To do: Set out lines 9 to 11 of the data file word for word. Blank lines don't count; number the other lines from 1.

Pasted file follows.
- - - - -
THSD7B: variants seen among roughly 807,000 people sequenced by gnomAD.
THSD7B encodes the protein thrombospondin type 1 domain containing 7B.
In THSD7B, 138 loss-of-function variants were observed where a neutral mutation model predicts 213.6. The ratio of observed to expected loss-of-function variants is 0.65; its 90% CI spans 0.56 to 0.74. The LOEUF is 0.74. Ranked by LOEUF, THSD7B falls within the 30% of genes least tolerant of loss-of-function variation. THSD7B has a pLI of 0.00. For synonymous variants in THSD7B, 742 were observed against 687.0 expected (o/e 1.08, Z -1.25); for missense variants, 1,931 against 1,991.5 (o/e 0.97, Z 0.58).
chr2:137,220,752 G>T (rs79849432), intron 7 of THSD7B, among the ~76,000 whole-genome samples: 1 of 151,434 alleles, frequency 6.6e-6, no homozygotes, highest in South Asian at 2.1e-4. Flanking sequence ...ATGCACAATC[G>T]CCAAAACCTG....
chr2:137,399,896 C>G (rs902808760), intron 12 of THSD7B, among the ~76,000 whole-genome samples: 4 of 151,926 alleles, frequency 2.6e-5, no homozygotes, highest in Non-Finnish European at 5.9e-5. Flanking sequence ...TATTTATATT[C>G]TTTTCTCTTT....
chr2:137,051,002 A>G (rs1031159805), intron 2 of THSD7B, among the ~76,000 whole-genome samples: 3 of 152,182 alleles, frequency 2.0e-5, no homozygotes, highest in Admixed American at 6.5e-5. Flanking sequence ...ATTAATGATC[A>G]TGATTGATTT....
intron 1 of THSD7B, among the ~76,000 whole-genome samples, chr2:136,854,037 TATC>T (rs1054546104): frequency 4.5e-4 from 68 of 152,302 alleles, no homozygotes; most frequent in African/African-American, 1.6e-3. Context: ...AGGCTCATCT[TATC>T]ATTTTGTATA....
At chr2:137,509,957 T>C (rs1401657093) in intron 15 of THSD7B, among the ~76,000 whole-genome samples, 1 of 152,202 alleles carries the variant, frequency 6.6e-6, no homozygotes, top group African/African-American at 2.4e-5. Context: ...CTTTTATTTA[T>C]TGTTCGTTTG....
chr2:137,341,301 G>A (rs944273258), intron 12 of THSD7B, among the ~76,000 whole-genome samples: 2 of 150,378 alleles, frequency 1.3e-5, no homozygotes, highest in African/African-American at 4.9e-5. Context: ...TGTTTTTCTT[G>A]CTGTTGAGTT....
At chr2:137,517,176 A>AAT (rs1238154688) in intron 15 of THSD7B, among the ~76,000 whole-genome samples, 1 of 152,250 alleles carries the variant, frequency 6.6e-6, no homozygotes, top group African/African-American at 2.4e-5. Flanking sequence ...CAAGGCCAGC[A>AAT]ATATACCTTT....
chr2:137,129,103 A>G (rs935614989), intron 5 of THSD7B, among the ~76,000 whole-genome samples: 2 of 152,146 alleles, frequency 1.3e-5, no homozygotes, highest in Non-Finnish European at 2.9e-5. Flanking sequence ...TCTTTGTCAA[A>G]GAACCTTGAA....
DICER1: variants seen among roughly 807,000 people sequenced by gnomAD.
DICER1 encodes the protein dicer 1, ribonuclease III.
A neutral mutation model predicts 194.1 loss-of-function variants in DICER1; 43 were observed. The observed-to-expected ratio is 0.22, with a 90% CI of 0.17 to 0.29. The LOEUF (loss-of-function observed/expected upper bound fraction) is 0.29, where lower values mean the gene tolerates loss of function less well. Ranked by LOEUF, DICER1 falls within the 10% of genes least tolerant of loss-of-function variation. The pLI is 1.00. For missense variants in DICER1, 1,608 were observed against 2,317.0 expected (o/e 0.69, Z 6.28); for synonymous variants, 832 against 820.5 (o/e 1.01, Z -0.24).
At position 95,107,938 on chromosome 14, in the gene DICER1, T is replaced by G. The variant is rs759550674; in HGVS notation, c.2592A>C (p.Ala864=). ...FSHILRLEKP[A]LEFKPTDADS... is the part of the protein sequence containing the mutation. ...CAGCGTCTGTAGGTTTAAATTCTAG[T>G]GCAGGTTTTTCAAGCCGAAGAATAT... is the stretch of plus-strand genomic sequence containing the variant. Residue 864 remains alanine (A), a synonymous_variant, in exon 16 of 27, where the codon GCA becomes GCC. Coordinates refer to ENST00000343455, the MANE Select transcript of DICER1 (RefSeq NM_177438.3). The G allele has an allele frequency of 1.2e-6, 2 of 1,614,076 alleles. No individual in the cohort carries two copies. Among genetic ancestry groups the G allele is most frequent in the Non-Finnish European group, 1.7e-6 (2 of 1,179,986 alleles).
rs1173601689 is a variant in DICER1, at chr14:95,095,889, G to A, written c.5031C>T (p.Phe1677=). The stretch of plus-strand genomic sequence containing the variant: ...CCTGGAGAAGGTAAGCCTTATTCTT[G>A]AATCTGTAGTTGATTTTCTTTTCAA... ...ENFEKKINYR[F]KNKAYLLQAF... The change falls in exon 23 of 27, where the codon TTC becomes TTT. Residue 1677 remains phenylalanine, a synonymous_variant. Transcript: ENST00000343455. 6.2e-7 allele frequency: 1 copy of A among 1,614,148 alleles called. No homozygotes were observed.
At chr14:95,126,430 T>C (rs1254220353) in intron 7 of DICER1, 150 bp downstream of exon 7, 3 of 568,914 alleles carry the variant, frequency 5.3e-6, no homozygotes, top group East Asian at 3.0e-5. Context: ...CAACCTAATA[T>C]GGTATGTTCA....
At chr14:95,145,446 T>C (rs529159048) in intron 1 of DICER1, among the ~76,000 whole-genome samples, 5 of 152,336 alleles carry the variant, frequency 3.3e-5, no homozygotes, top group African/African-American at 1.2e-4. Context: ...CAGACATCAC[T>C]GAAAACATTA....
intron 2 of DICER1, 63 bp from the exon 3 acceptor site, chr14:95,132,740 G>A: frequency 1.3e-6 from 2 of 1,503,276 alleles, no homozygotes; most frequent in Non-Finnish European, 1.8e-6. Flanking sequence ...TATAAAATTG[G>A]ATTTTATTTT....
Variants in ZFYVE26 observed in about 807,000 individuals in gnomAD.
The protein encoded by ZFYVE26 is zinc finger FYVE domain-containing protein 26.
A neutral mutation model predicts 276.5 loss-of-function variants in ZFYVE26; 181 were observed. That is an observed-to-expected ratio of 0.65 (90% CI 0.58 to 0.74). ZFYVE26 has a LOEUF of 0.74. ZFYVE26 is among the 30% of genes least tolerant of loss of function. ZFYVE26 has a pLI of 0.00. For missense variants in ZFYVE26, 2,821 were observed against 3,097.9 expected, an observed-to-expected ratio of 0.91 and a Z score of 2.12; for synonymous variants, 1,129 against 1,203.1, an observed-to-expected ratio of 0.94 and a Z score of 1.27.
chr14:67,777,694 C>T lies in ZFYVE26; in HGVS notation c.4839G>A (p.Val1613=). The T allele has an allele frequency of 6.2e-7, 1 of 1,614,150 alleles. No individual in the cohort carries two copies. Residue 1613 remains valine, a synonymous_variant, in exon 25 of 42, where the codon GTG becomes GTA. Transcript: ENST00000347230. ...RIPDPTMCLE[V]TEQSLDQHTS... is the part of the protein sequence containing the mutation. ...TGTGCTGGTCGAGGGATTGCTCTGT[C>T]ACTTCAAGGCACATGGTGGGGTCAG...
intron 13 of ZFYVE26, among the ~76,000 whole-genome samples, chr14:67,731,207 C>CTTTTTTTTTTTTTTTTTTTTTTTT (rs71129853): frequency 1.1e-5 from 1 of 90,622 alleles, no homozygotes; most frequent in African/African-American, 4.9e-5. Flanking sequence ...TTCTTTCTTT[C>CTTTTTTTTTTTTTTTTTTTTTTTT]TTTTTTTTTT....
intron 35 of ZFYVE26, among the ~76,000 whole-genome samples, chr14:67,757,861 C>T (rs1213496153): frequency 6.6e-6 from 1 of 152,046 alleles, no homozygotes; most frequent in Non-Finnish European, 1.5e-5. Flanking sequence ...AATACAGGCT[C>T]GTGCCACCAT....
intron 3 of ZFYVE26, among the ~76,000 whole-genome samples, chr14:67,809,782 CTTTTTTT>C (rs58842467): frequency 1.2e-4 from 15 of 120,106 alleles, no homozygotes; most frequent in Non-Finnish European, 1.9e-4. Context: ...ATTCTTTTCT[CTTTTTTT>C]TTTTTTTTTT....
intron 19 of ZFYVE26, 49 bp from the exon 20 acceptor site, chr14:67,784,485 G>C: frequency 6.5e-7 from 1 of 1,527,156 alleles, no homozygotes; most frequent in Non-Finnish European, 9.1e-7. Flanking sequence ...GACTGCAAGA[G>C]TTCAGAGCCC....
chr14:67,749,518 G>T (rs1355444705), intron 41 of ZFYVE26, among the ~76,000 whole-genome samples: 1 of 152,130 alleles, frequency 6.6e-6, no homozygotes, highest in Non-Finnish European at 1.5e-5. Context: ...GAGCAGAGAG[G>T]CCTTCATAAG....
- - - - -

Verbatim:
chr2:137,341,301 G>A (rs944273258), intron 12 of THSD7B, among the ~76,000 whole-genome samples: 2 of 150,378 alleles, frequency 1.3e-5, no homozygotes, highest in African/African-American at 4.9e-5. Context: ...TGTTTTTCTT[G>A]CTGTTGAGTT....
At chr2:137,517,176 A>AAT (rs1238154688) in intron 15 of THSD7B, among the ~76,000 whole-genome samples, 1 of 152,250 alleles carries the variant, frequency 6.6e-6, no homozygotes, top group African/African-American at 2.4e-5. Flanking sequence ...CAAGGCCAGC[A>AAT]ATATACCTTT....
chr2:137,129,103 A>G (rs935614989), intron 5 of THSD7B, among the ~76,000 whole-genome samples: 2 of 152,146 alleles, frequency 1.3e-5, no homozygotes, highest in Non-Finnish European at 2.9e-5. Flanking sequence ...TCTTTGTCAA[A>G]GAACCTTGAA....